It Can Make Or Break Your Business
by Tom Egelhoff
When I moved to Bozeman, Montana, Spanish Peaks Brewery and Restaurant was a local landmark. Their Spanish Peaks beer was everywhere and their restaurant was thriving.
Then they decided to explore moving to a new location and up scaling the restaurant. They contacted a friend of mine who does market research and rejected his proposal to do the research and feasibility studies because it was just too expensive.
In less than a year they were out of business.
So what major mistakes did they make that market research could have told them? First of all they were near Montana State University and that was a large part of their business. Students not only drank their beer at the restaurant but also bought it at the local grocery and convenience stores.
When they moved the students unfortunately didn't follow them. The next mistake was up scaling the restaurant. It turned out to be too up scale for the few students that did follow them and the high end dining market was already pretty well saturated in the area.
In addition they moved into a location that was attached to the back end of a bank. Their signage faced the parking lot not the busy main street so they had almost no visibility. Being attached to the bank most people thought it was corporate headquarters not a restaurant.
So, in hindsight that is always 20-20, the cost of my friends' market research and feasibility study would have told them not to move and improve on the target market they had already captured. Had they paid the fee they might still be in business and making a higher profit than before.
I'm not telling you to go out and spend thousands on market research and feasibility studies but I would like to talk about what you can do yourself in-house that may keep you in business a little longer.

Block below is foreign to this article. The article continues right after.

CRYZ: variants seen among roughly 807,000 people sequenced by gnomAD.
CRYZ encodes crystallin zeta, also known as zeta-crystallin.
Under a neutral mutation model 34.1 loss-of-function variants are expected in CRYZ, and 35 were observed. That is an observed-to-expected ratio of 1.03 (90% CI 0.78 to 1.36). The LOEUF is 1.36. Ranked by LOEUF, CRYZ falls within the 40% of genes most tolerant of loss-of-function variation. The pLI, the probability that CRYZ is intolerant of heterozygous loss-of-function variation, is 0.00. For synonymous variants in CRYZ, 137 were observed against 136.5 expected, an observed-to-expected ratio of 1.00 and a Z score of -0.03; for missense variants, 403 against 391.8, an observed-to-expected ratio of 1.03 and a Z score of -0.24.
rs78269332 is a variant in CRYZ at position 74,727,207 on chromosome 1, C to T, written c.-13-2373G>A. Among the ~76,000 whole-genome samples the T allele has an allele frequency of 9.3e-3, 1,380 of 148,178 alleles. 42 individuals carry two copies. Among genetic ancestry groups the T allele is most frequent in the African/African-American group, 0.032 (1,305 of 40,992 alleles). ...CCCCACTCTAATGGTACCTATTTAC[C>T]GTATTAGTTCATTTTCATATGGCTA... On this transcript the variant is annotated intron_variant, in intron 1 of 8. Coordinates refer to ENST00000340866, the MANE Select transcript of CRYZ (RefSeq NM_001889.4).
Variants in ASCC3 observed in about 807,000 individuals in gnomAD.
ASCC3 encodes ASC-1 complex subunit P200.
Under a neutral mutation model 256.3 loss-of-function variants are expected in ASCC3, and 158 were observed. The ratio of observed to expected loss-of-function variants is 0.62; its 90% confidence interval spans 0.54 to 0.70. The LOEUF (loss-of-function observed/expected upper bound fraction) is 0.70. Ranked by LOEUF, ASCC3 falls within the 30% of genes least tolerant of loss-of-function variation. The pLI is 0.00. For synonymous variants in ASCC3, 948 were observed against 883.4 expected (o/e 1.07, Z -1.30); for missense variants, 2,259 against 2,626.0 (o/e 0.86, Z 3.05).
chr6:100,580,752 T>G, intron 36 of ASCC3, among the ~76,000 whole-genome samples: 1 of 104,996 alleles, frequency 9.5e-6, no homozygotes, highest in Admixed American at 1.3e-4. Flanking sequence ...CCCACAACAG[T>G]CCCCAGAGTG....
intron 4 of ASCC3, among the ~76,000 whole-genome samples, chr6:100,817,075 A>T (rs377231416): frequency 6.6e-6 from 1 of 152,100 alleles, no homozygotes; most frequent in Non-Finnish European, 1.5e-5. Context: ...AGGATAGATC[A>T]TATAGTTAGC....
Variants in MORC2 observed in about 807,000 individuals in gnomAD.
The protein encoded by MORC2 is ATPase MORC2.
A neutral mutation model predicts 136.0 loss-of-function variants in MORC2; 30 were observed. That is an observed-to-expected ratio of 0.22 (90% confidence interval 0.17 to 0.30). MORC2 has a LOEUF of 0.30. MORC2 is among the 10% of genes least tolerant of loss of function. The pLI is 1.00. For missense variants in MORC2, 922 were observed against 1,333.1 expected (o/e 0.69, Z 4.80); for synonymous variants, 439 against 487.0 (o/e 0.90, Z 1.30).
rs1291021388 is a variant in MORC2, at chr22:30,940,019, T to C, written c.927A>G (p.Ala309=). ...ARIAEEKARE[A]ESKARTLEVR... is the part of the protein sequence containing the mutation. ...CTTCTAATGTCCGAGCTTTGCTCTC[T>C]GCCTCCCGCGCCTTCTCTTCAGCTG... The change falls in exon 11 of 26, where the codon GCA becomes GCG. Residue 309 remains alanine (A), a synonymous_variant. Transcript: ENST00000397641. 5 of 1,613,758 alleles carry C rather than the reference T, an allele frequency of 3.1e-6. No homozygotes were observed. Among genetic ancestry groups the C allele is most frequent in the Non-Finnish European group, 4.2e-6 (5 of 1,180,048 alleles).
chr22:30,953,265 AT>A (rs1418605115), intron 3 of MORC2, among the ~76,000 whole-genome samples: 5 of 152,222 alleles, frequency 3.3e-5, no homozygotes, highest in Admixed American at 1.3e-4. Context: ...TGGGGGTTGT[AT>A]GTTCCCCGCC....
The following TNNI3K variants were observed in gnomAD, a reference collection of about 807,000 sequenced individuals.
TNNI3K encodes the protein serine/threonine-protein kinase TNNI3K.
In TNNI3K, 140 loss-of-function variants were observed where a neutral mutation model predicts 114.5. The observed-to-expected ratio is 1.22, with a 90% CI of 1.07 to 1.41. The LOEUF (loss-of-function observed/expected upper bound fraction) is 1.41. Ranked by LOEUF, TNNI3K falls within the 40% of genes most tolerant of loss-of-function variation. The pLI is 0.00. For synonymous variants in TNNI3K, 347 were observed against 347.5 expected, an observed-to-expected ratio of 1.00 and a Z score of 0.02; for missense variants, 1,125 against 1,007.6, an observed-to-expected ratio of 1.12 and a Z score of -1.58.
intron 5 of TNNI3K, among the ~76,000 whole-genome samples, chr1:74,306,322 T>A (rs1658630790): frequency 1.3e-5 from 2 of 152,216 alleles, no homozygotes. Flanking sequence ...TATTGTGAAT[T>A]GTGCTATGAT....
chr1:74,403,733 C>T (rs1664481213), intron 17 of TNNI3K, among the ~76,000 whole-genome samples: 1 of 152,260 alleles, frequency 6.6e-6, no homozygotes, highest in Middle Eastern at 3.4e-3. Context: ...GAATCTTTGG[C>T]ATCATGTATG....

Right now we are going through some tough economic times. With a war and a weak economy some changes are being made both by retailers and consumers that you need to be aware of. According to Dunn & Bradstreet in a down economy 5% of businesses thrive, 70% survive, and 25% go out of business. So which group will you be in?
In Bozeman, Montana over the last five years, North 19th Street has gone through some major changes. What were once wheat fields are now home to Costco, Target, Borders, Michaels, Pier One, Old Navy, and new this year, Home Depot. So now traffic that used to go down North 7th Street now goes out North 19th instead.
For some businesses on North 7th the only advertising they had to do was a store sign, now they have had to consider some form of additional advertising or promotion to attract customers back to their businesses that used to drive by every day.
So you can see the importance of knowing in advance that some changes are going to take place and you are going to need to take stock of how each change will affect your business. Obviously these changes didn't take place over night so by being aware of what's happening in your area and acting on it ahead of time may make the blow of these changes less catastrophic.
Here are some things you can do to keep tabs on what's happing. Your city's planning department does yearly studies of traffic patterns. Those rubber things you see stretched across the road from time to time.
Take a look at the last five years of traffic patterns and see what's happening around your location. Has traffic increased or decreased? What road improvements or changes are scheduled for the next five years? Will these changes affect traffic patterns going past your location?
The building division provides a listing of building permits. What's being built near you? Who's building it? Competition? If so, you will have the information long before they break ground.
You can also find out if your competitors have any remodeling planned. This can be a perfect time to take customers away from your competitor while they are in a mess with construction.
Knowledge is power. Knowing what's going to happen next week, next month, even next year can give you a leg up on the competition. Market research can keep you in the 75% rather than the 25%.
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Based in Bozeman, MT, Tom Egelhoff is the author of How To Market, Advertise & Promote Your Business Or Service In A Small Town, and The Small Town Advertising Handbook: How To Say More And Spend Less. He is also a seminar and workshop presenter and trainer. He may be reached at 888-550-6100 or PO Box 271, Bozeman, MT 59771-0271
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